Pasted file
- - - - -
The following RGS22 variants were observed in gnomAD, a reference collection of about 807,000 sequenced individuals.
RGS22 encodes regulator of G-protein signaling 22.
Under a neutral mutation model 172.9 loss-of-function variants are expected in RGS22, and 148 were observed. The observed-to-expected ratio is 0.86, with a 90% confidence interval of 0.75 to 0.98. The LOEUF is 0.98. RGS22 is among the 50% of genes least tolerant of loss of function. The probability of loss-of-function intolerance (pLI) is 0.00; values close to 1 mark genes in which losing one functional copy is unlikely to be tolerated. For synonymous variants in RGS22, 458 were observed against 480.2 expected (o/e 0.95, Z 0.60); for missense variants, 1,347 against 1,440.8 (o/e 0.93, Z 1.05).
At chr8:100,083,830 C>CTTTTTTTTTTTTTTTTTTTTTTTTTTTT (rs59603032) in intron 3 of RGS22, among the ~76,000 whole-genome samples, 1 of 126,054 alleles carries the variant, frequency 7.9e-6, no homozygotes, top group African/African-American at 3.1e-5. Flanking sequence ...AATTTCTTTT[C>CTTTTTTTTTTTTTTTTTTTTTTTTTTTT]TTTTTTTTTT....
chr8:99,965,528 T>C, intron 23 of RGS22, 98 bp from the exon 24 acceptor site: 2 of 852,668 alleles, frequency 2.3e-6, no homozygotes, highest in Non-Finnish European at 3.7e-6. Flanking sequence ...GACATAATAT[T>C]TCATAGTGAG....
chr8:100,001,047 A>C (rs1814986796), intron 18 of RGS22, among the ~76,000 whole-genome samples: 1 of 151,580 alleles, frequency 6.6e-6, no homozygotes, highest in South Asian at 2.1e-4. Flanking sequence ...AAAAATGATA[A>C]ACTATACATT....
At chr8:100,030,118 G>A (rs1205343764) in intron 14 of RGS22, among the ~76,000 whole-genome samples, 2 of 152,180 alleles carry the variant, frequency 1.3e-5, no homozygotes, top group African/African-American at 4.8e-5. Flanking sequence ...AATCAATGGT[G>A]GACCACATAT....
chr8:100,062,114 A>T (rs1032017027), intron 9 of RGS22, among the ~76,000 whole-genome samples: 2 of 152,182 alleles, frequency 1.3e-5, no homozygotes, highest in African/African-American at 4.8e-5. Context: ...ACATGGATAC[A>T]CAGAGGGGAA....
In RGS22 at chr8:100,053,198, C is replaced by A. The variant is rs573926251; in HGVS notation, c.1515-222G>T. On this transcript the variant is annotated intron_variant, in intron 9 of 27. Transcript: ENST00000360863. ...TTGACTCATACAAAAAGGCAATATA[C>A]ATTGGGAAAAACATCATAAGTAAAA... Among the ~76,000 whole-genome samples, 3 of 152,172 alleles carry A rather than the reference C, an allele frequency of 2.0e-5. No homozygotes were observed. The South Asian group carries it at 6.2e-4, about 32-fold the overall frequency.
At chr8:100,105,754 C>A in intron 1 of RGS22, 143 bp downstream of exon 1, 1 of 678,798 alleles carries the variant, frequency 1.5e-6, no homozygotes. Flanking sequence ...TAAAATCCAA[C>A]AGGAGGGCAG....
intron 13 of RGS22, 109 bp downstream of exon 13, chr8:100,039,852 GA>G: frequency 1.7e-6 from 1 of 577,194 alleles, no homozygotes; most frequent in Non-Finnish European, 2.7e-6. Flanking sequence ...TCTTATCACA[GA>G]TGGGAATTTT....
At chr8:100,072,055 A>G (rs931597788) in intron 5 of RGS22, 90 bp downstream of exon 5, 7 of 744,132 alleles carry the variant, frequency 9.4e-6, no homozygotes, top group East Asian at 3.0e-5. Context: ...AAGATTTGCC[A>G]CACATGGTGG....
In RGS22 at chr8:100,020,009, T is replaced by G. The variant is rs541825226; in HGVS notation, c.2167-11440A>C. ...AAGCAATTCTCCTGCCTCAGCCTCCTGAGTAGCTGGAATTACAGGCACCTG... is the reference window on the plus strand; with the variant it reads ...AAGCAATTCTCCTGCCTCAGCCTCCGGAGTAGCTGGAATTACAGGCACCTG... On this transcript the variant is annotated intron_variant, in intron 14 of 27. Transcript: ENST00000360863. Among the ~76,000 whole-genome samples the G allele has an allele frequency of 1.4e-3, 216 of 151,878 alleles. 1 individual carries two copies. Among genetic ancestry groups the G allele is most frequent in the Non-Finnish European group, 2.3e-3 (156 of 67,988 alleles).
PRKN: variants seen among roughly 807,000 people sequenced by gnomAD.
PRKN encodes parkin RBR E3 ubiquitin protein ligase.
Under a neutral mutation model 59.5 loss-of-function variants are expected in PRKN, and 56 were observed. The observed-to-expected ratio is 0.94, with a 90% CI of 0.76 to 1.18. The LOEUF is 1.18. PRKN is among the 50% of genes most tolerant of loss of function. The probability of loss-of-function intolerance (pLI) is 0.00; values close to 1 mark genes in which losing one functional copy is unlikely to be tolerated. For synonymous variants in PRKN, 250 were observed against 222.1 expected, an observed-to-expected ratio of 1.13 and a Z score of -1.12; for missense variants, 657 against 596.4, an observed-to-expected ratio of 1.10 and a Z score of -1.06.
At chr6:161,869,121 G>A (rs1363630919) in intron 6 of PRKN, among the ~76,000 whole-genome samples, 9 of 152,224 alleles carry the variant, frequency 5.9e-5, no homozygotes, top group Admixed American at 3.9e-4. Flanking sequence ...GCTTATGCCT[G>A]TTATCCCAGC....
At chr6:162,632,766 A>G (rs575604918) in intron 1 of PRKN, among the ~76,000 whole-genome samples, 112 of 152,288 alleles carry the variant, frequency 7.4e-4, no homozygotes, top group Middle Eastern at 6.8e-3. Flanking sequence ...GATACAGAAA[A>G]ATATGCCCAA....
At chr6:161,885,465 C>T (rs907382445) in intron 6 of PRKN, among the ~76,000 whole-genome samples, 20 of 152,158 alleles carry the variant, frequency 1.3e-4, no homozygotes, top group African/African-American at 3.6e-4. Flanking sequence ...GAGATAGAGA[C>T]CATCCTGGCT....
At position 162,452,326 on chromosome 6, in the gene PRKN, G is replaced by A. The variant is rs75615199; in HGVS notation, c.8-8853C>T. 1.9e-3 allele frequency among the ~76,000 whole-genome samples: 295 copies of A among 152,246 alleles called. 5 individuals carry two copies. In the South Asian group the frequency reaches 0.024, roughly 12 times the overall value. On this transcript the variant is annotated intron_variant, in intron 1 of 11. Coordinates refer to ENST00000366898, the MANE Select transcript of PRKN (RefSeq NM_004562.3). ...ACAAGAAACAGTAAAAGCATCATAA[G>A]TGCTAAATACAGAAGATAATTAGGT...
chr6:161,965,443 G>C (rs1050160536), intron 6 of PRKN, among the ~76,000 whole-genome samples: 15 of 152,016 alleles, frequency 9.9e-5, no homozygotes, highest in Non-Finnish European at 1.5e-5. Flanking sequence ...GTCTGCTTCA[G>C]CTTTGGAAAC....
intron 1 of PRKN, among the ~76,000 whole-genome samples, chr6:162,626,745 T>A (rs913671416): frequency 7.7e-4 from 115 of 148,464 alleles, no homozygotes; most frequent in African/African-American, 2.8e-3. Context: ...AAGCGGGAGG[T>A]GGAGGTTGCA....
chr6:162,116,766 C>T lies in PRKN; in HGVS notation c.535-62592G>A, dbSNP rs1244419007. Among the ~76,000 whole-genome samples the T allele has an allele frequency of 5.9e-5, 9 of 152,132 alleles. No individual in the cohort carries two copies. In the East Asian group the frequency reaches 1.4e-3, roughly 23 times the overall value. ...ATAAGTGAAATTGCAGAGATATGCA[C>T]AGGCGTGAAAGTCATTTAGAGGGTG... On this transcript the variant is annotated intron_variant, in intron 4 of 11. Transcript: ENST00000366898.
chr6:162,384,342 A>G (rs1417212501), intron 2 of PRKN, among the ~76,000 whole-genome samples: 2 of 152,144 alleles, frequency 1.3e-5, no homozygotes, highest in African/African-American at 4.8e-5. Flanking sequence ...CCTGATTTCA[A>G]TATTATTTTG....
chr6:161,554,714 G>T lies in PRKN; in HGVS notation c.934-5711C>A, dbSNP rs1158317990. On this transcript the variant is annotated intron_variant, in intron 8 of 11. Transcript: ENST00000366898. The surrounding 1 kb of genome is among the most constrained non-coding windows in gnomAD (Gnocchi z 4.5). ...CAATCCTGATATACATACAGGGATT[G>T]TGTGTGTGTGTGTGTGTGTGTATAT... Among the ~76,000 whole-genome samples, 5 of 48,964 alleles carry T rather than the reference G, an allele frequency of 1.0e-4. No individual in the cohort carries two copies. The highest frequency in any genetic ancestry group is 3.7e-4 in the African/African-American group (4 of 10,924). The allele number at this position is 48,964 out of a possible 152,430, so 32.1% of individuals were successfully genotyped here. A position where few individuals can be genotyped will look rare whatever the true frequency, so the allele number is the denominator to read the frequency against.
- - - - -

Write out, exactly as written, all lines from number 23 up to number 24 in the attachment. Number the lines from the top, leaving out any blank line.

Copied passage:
chr6:162,116,766 C>T lies in PRKN; in HGVS notation c.535-62592G>A, dbSNP rs1244419007. Among the ~76,000 whole-genome samples the T allele has an allele frequency of 5.9e-5, 9 of 152,132 alleles. No individual in the cohort carries two copies. In the East Asian group the frequency reaches 1.4e-3, roughly 23 times the overall value. ...ATAAGTGAAATTGCAGAGATATGCA[C>T]AGGCGTGAAAGTCATTTAGAGGGTG... On this transcript the variant is annotated intron_variant, in intron 4 of 11. Transcript: ENST00000366898.
chr6:162,384,342 A>G (rs1417212501), intron 2 of PRKN, among the ~76,000 whole-genome samples: 2 of 152,144 alleles, frequency 1.3e-5, no homozygotes, highest in African/African-American at 4.8e-5. Flanking sequence ...CCTGATTTCA[A>G]TATTATTTTG....